If you are the Appellant, you will be asked to make a brief opening statement explaining what you are seeking and why you think the Occupational Health and Safety Inspector was wrong. The Ministry of Labour and the other workplace party will then explain their positions. Unless there is agreement on the facts, evidence will be presented through the testimony of witnesses, and the introduction of relevant documents. In most circumstances, the Appellant's evidence is presented first. Occasionally, the Ministry or the other workplace party will be asked to proceed first.
The Board must decide the case based only on evidence presented at the hearing. You cannot provide additional information after the hearing is completed unless you are requested to do so by the Board. You may not communicate privately with the Board about the case before, during or after the hearing.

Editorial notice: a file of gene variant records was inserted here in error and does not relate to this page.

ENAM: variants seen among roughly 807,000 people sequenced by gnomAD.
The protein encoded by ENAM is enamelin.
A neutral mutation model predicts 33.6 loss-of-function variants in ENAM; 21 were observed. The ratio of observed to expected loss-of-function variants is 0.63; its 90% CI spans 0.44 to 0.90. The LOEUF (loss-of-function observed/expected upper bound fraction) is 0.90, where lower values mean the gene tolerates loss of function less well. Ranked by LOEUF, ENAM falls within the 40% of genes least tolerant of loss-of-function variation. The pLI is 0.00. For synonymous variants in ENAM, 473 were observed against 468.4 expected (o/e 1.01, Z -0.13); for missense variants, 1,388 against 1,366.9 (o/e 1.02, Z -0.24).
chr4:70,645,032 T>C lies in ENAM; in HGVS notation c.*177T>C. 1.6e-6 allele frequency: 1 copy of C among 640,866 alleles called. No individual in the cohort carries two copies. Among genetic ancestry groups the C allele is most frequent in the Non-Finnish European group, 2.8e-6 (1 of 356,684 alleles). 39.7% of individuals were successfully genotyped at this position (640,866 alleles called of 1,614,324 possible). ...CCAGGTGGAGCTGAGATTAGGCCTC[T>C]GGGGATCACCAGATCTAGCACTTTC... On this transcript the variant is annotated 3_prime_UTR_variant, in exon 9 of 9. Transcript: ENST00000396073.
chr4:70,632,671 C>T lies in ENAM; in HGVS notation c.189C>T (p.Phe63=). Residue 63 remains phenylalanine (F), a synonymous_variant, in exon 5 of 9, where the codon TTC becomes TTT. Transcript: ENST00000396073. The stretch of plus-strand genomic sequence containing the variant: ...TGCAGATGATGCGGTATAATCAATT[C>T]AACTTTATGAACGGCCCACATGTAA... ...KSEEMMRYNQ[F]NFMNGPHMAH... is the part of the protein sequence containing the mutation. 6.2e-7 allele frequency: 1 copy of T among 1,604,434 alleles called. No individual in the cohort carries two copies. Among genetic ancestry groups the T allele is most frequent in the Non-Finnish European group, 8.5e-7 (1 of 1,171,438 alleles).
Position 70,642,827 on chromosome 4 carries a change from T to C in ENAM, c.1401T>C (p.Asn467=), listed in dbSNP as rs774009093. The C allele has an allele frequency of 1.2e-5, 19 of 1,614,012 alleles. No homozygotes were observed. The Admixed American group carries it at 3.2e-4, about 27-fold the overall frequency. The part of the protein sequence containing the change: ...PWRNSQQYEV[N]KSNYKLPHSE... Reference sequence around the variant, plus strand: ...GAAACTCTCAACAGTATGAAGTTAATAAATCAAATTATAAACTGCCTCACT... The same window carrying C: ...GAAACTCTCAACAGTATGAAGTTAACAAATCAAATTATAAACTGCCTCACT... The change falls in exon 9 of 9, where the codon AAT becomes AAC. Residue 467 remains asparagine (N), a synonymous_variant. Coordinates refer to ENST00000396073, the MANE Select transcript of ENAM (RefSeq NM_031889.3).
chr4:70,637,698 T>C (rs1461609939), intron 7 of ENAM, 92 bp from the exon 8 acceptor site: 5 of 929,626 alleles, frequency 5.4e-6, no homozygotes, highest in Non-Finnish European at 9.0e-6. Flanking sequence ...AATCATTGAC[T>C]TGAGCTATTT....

The Board's decision is final and binding and there is no appeal process from the decision. You may make an application for judicial review of the decision where you feel the decision was patently unreasonable or made outside the Board's jurisdiction. Judicial review applications are heard by the Superior Court of Justice, Divisional Court.
The Board is not responsible for enforcing its decisions. If you encounter difficulties in that regard you should seek assistance from the Ministry of Labour, Occupational Health and Safety Branch. The Board's decisions may be filed with the Superior Court of Justice and are enforceable as orders of that court.
Board hearings are open to the public unless the panel decides that matters involving public security may be disclosed or if it believes that disclosure of financial or personal matters would be damaging to any of the parties. Hearings are not recorded and no transcripts are produced.